The American Athletic, Conference USA, Mid-American, Mountain West and Sun Belt conferences have formed an alliance to participate in four new bowls that will debut in 2014, ESPN reported on Monday.
The games will take place in Boca Raton, Fla., Miami and the Bahamas and only involve schools from those leagues.
In August, the MAC and Sun Belt announced the creation of the Camellia Bowl in Montgomery, Ala., in 2014. That means there will be four additional games for a total of 39 bowls, including the College Football Playoff title game.
The Miami Bowl, created by the American Athletic Conference, is expected to be held at Marlins Park, home of the Miami Marlins. The American Athletic will be the “anchor” conference, and its opponent would come from the other four non-power leagues, a source said.
In August, ESPN reported that the Bahamas Bowl will be held at Thomas Robinson Stadium and would be the first postseason bowl played outside the United States since the International Bowl in Toronto (2007-10).
A news conference will be held Oct. 14 to officially announce the Bahamas Bowl. All five non-power leagues will rotate in the game.
The source told ESPN that the new bowls are a result of existing bowls not entertaining opportunities for the five non-power conferences.
That makes 39 bowls in all now. Too much? Not in my book. I want to see more college football being played, not less.
Nick Saban‘s latest reshaping of his coaching will reportedly come at the expense of a Big Ten school.
Earlier Thursday, a report surfaced that Mike Locksley was being promoted by Saban to offensive coordinator and quarterbacks coach. As Locksley served as Alabama’s wide receivers coach this past season, it left Saban in search of a new coach for that positional group.
According to FootballScoop.com, that search has ended as Penn State’s Josh Gattis is expected to take the job. Gattis will also serve as the Tide’s co-offensive coordinator.
A couple of other outlets confirmed the initial report.
Gattis had spent the past six seasons on James Franklin-led coaching staff, the first two at Vanderbilt and the last four at Penn State. In addition to receivers coach, Gattis held the title of passing-game coordinator and assistant special teams coordinator with the Nittany Lions.
Frank Wilson is adding a very experienced voice to his offensive staff at UT-San Antonio.
UT confirmed in a press release Friday morning that Al Borges has been hired as the Roadrunners’ new offensive coordinator. The 36-year coaching veteran will also serve as the team’s quarterback coach.
Borges had spent the 2017 season as an offensive analyst at Auburn.
“I am thrilled to be able to announce the hiring of Al Borges as our new offensive coordinator,” Wilson said in a statement. “Al Borges has a masterful offensive mind and a coaching style that takes advantage of the talent and skillset of the players on the roster. His unique ability to develop quarterbacks is second to none. Our coaching staff got better today.”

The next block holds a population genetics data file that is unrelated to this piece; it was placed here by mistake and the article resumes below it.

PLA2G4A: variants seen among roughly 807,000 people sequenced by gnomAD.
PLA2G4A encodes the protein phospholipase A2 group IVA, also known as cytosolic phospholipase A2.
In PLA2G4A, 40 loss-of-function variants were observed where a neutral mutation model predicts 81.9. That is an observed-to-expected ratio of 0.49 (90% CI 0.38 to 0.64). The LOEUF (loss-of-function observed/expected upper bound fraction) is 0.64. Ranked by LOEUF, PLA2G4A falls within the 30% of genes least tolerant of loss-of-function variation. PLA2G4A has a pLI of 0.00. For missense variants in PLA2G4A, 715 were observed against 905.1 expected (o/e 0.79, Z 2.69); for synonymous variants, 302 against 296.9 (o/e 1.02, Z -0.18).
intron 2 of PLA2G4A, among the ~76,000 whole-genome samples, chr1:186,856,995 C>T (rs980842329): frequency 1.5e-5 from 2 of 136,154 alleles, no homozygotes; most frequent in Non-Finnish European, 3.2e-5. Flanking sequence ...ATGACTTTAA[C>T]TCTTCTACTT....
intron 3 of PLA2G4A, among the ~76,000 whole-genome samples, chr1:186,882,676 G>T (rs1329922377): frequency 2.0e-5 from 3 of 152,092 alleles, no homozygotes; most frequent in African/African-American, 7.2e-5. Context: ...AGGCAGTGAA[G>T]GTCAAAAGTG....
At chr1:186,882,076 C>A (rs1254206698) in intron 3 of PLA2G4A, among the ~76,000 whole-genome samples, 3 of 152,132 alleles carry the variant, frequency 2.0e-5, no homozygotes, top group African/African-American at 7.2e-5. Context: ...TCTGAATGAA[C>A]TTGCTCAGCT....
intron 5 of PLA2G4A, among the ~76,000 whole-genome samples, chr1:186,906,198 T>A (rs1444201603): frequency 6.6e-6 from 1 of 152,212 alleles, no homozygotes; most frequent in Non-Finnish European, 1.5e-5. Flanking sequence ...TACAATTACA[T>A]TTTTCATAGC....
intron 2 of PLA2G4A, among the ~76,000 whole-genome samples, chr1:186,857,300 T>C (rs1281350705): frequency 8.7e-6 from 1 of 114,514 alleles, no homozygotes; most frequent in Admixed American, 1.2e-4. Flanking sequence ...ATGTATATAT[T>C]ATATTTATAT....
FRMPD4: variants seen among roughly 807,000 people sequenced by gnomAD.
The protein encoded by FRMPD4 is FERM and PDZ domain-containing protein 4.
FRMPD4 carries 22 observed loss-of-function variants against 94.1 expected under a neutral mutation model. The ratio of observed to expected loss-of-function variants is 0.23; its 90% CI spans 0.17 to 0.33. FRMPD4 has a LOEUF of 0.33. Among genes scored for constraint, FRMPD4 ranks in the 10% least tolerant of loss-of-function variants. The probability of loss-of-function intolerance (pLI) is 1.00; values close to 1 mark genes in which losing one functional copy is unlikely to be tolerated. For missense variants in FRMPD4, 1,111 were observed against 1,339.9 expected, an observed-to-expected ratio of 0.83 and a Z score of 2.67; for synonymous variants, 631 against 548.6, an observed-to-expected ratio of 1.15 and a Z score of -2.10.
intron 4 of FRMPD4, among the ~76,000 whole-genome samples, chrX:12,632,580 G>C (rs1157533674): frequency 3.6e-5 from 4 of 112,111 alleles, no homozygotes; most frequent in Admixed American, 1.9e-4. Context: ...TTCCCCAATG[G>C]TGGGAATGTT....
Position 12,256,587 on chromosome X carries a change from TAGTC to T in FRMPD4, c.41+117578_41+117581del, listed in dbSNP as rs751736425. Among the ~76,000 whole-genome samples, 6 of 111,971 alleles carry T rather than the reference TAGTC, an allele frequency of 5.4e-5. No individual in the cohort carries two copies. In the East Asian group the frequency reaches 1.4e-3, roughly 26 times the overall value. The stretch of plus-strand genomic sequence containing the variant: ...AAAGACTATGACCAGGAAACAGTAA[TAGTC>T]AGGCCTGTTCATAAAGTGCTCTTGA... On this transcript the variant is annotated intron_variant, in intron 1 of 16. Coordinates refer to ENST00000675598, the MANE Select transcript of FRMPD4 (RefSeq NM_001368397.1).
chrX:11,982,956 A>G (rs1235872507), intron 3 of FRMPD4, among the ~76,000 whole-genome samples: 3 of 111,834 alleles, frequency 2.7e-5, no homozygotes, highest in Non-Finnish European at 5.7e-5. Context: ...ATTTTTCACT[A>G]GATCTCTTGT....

Prior to the one-year stint at Auburn, Borges had been an offensive coordinator at the FBS level for most of the previous 24 years. Those stints included time at San Jose State (2015-16), Michigan (2011-13), San Diego State (2009-10), Auburn (2004-07), Indiana (2002-03), Cal (2001), UCLA (1996-2000), Oregon (1995) and Boise State (1993-94).
Twice, Borges has been named as a finalist for the Broyles Award, given annually to the nation’s top assistant coach.
This is certainly an abrupt and unexpected development.
In a rather brief and terse press release, Purdue announced that Tony Levine is no longer a member of Jeff Brohm‘s (pictured) Boilermakers coaching staff. Per the school, Levine will be pursuing unspecified opportunities outside of the coaching profession.
Below is the text of the release, in its entirety:
Purdue head football coach Jeff Brohm announced today that assistant coach Tony Levine has resigned to pursue opportunities outside of coaching.
The loss of Levine leaves a rather sizable hole for Brohm to fill. Not only was the 45-year-old assistant the team’s co-offensive coordinator, but he served as special teams coordinator and tight ends coach as well. Levine had just completed his first season with the Boilermakers.
Levine was the head coach at Houston from 2011-14 and the special teams coordinator/tight ends coach at Western Kentucky prior to coming to West Lafayette.
Nick Saban has found his fourth offensive coordinator in 14 months, and he didn’t have to go very far do so.
With rumors swirling around a certain disgraced former SEC head coach, signs had seemingly been pointing to Saban possibly, or even likely staying in-house for his next Alabama coordinator on the offensive side of the ball. According to Chris Low of ESPN.com, the head coach plans to do just that as Mike Locksley is expected to be promoted to offensive coordinator. It’s expected Locksley will assume responsibilities as the Tide’s quarterbacks coach as well.
Locksley would replace Brian Daboll, who left after one season in Tuscaloosa for the same job with the Buffalo Bills earlier this month.
Locksley has spent the past two seasons with the Crimson Tide, the first as an offensive analyst and last year as co-offensive coordinator and wide receivers coach.
The former New Mexico head coach last served as a coordinator at Maryland from 2012-15. He also spent three seasons (2006-08) in the same job at Illinois.